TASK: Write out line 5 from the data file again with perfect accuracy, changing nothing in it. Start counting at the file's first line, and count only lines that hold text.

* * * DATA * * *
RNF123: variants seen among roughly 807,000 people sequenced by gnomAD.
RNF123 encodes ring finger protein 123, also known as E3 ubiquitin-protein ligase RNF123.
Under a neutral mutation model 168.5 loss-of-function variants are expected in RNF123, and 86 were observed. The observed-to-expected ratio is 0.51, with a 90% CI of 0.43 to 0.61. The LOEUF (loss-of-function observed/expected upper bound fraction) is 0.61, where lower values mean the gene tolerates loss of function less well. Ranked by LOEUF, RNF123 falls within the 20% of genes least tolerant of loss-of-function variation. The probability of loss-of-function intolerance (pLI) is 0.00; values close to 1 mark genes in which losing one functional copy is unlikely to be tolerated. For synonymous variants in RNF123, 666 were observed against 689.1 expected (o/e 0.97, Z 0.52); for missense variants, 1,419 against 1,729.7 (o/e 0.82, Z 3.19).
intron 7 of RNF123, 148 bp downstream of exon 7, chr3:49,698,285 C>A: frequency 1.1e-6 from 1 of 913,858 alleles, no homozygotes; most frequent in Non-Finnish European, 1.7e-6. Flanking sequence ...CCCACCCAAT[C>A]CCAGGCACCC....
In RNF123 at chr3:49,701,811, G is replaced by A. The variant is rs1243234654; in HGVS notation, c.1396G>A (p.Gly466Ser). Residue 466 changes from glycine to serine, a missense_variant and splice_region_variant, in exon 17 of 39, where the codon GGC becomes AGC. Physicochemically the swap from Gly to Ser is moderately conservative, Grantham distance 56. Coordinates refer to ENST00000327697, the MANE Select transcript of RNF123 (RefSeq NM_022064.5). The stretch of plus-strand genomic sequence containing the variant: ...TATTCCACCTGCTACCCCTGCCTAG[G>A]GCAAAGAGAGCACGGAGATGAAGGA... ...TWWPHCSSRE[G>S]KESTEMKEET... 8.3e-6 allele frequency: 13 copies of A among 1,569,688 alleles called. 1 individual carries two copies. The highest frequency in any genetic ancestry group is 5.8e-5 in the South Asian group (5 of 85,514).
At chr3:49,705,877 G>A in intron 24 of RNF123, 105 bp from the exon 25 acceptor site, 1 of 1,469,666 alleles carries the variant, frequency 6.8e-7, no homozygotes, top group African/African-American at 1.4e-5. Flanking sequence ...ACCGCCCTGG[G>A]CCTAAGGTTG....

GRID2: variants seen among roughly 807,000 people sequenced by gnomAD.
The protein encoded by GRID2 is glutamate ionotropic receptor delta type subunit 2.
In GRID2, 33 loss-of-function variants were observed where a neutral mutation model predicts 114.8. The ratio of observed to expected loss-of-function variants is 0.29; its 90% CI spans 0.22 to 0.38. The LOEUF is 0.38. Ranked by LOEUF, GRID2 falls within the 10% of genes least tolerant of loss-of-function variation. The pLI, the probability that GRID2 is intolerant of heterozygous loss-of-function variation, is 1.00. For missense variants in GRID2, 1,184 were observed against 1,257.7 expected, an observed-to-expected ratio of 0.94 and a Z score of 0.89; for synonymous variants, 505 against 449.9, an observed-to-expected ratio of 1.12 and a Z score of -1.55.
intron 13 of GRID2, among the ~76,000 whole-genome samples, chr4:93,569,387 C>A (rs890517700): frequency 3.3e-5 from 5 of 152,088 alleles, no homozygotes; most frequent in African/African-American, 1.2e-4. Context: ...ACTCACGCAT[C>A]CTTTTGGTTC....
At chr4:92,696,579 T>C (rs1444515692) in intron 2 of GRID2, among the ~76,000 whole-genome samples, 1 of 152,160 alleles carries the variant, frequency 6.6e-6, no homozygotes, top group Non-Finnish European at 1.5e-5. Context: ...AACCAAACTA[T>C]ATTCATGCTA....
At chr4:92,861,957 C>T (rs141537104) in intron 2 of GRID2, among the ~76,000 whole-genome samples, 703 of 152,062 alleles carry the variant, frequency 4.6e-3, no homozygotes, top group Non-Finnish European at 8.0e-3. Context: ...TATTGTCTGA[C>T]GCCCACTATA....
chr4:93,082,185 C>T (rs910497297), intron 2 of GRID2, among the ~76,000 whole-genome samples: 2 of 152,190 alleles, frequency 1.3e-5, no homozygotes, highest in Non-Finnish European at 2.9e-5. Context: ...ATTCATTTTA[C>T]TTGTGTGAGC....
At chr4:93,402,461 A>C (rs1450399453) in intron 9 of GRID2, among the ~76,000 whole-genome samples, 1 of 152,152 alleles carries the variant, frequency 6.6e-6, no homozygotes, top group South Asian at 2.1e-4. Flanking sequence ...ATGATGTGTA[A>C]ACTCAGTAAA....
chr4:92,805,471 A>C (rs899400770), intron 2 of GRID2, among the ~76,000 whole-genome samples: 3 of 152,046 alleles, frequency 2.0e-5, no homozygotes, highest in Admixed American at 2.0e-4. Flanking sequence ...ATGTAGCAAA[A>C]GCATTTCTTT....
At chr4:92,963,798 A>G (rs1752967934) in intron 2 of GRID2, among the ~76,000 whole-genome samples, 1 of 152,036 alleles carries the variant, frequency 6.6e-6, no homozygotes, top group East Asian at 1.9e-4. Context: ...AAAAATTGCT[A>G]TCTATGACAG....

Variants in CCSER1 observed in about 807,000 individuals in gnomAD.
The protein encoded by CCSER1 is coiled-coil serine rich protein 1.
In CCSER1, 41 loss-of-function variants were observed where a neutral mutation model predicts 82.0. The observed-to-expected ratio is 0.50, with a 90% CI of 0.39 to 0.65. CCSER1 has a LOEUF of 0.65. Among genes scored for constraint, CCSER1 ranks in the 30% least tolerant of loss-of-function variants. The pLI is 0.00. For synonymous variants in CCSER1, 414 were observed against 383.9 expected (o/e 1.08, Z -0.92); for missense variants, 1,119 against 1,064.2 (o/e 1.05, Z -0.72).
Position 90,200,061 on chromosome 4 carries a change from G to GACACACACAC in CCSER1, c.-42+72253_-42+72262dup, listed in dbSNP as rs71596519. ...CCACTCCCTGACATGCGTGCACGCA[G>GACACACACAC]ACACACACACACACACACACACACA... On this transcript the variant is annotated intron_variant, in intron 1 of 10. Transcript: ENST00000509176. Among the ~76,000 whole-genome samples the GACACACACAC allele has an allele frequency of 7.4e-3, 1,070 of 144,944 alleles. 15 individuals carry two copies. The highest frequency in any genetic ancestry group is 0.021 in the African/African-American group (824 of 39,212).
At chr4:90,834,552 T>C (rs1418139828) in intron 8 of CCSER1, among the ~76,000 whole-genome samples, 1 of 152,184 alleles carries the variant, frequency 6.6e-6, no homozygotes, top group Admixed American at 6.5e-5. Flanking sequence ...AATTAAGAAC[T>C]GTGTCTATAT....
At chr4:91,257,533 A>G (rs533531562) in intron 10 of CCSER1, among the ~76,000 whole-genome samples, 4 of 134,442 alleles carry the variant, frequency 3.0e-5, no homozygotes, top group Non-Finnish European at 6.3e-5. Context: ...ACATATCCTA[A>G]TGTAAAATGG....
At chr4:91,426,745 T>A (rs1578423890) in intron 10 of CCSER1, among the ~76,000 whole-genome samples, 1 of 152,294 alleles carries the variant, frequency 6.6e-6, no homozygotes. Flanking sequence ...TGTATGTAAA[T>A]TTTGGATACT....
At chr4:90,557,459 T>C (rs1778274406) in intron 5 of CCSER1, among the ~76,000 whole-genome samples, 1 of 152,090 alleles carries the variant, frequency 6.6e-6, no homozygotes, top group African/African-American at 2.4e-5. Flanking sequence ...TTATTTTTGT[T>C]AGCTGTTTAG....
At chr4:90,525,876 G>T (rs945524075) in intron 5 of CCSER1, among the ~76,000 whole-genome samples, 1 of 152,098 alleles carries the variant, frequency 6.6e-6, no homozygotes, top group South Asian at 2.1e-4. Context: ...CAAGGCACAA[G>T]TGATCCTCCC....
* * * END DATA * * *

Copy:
In RNF123 at chr3:49,701,811, G is replaced by A. The variant is rs1243234654; in HGVS notation, c.1396G>A (p.Gly466Ser). Residue 466 changes from glycine to serine, a missense_variant and splice_region_variant, in exon 17 of 39, where the codon GGC becomes AGC. Physicochemically the swap from Gly to Ser is moderately conservative, Grantham distance 56. Coordinates refer to ENST00000327697, the MANE Select transcript of RNF123 (RefSeq NM_022064.5). The stretch of plus-strand genomic sequence containing the variant: ...TATTCCACCTGCTACCCCTGCCTAG[G>A]GCAAAGAGAGCACGGAGATGAAGGA... ...TWWPHCSSRE[G>S]KESTEMKEET... 8.3e-6 allele frequency: 13 copies of A among 1,569,688 alleles called. 1 individual carries two copies. The highest frequency in any genetic ancestry group is 5.8e-5 in the South Asian group (5 of 85,514).